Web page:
Fibrinogen to albumin ratio reflects the activity of antineutrophil cytoplasmic antibody-associated vasculitis

Lucy Eunju Lee, Jung Yoon Pyo, Sung Soo Ahn, Jason Jungsik Song, Yong Beom Park, Sang Won Lee

Research output: Contribution to journalArticlepeer-review

Abstract

Background: We investigated whether fibrinogen to albumin ratio (FAR) at diagnosis could reflect the cross-sectional activity and predict poor outcomes in patients with antineutrophil cytoplasmic antibody (ANCA)-associated vasculitis (AAV). Methods: This cross-sectional study included 54 immunosuppressant drug-naïve patients with AAV who had the results of plasma fibrinogen and serum albumin at diagnosis. Clinical and laboratory data at diagnosis were collected, and all-cause mortality, cerebrovascular accident, cardiovascular disease, end-stage renal disease occurrences were assessed as poor outcomes. FAR was calculated by the following equation: FAR = plasma fibrinogen (g/dl)/serum albumin (g/dl). Results: The median age was 65.5 years, and 59.3% of patients were men (33 MPA, 13 GPA and 8 EGPA). FAR was significantly correlated with Birmingham vasculitis activity score (BVAS; r = 0.271), erythrocyte sedimentation rate (ESR; r = 0.668) and C-reactive protein (CRP; r = 0.638). High BVAS was defined as BVAS ≥16, and the cut-off of FAR at diagnosis was set as 0.118. AAV patients with FAR at diagnosis ≥0.118 had a significantly higher risk for the cross-sectional high BVAS than those without (RR 3.361). In the univariable linear regression analysis, CRP (β = 0.383) and FAR (β = 0.297) were significantly correlated with BVAS at diagnosis. However, in the multivariable analysis, none of them was correlated with the cross-sectional BVAS. FAR at diagnosis could not predict poor outcomes during follow-up in AAV patients. Conclusions: Fibrinogen to albumin ratio at diagnosis could reflect the cross-sectional BVAS but could not predict poor outcomes in patients with AAV.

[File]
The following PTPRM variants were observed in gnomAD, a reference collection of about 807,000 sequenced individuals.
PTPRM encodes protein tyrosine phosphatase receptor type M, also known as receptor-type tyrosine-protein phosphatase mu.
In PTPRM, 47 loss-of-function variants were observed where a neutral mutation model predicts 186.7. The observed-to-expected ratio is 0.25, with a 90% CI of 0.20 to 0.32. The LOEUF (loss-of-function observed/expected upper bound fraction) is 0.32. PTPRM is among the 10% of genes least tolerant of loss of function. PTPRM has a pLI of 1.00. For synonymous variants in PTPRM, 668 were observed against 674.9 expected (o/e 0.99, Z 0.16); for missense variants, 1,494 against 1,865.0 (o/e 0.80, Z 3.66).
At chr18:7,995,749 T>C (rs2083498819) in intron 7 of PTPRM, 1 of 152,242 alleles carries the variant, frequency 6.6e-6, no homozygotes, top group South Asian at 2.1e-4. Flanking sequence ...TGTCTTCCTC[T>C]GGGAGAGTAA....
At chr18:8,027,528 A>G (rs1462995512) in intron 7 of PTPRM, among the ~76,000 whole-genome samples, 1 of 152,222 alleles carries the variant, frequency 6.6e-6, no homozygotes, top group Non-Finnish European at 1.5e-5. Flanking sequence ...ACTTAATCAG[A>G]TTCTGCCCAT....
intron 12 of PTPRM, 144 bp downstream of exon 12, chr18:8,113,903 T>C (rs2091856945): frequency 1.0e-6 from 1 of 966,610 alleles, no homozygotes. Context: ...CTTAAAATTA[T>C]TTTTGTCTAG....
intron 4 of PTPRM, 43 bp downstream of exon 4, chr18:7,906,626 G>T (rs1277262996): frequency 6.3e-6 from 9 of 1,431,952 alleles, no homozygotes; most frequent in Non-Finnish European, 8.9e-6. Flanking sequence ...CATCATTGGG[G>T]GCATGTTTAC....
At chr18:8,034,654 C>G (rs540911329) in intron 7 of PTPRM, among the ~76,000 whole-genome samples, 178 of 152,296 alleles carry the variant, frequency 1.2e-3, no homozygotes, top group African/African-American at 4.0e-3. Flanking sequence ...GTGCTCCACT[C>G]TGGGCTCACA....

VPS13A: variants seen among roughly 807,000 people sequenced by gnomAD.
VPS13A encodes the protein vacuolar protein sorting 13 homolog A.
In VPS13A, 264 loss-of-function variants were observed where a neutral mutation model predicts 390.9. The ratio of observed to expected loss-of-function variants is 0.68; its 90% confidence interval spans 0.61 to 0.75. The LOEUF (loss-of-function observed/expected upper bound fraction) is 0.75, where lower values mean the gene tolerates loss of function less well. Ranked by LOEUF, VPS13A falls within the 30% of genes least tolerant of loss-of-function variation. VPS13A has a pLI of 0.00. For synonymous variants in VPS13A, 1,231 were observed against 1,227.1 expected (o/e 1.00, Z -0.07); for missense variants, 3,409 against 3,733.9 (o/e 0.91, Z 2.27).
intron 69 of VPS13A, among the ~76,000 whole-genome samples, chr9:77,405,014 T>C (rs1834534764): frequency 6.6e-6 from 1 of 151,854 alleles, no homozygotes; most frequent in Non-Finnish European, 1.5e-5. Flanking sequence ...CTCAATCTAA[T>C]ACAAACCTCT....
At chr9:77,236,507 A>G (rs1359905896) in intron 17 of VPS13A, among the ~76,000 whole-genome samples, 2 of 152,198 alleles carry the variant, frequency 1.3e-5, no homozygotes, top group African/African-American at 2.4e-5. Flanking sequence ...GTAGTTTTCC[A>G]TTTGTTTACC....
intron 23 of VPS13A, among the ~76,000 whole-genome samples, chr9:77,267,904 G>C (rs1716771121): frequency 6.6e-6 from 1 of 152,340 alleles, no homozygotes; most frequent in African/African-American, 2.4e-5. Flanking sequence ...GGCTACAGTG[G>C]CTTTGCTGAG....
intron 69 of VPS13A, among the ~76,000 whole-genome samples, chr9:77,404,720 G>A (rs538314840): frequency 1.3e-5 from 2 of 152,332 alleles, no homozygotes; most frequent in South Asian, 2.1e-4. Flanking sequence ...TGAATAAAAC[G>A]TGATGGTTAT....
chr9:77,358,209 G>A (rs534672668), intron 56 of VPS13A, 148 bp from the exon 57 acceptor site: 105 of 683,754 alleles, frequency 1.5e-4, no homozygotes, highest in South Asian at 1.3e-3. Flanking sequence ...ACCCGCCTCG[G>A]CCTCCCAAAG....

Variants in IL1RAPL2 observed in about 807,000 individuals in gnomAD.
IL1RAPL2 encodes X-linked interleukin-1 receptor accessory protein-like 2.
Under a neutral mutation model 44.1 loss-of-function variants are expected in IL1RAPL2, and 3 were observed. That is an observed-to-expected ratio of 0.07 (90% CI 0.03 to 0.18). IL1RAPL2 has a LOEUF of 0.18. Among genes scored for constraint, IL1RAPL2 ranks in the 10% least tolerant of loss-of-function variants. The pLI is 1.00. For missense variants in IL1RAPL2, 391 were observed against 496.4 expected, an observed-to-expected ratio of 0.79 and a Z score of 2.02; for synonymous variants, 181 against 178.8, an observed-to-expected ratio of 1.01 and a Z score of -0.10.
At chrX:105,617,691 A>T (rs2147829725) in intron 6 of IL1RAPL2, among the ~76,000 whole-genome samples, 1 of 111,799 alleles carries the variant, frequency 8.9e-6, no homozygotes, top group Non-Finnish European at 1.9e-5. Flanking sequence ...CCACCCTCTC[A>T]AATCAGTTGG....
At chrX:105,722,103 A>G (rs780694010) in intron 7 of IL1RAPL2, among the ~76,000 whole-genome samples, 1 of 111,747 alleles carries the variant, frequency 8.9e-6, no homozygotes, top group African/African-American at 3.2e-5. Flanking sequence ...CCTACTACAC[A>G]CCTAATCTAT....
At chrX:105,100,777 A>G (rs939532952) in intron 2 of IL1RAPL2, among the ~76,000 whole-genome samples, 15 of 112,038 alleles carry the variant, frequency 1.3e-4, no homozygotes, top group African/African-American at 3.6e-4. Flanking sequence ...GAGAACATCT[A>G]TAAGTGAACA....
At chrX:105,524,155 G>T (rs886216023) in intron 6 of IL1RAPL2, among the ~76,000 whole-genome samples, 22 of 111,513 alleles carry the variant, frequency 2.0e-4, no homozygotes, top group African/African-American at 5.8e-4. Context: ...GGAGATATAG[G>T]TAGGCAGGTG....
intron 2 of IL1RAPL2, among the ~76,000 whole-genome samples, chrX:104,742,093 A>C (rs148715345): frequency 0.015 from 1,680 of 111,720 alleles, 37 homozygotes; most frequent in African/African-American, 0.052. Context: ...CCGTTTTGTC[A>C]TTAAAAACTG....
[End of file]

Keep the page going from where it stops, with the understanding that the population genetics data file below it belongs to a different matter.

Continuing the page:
Original languageEnglish
Article numbere23731
JournalJournal of Clinical Laboratory Analysis
Volume35
Issue number4
DOIs
Publication statusPublished - 2021 Apr

Bibliographical note

Funding Information:
This research was supported by a faculty research grant of Yonsei University College of Medicine (6‐2019‐0184) and a grant from the Korea Health Technology R&D Project through the Korea Health Industry Development Institute, funded by the Ministry of Health and Welfare, Republic of Korea (HI14C1324).

Publisher Copyright:
© 2021 The Authors. Journal of Clinical Laboratory Analysis published by Wiley Periodicals LLC

All Science Journal Classification (ASJC) codes

  • Immunology and Allergy
  • Hematology
  • Public Health, Environmental and Occupational Health
  • Clinical Biochemistry
  • Medical Laboratory Technology
  • Biochemistry, medical
  • Microbiology (medical)

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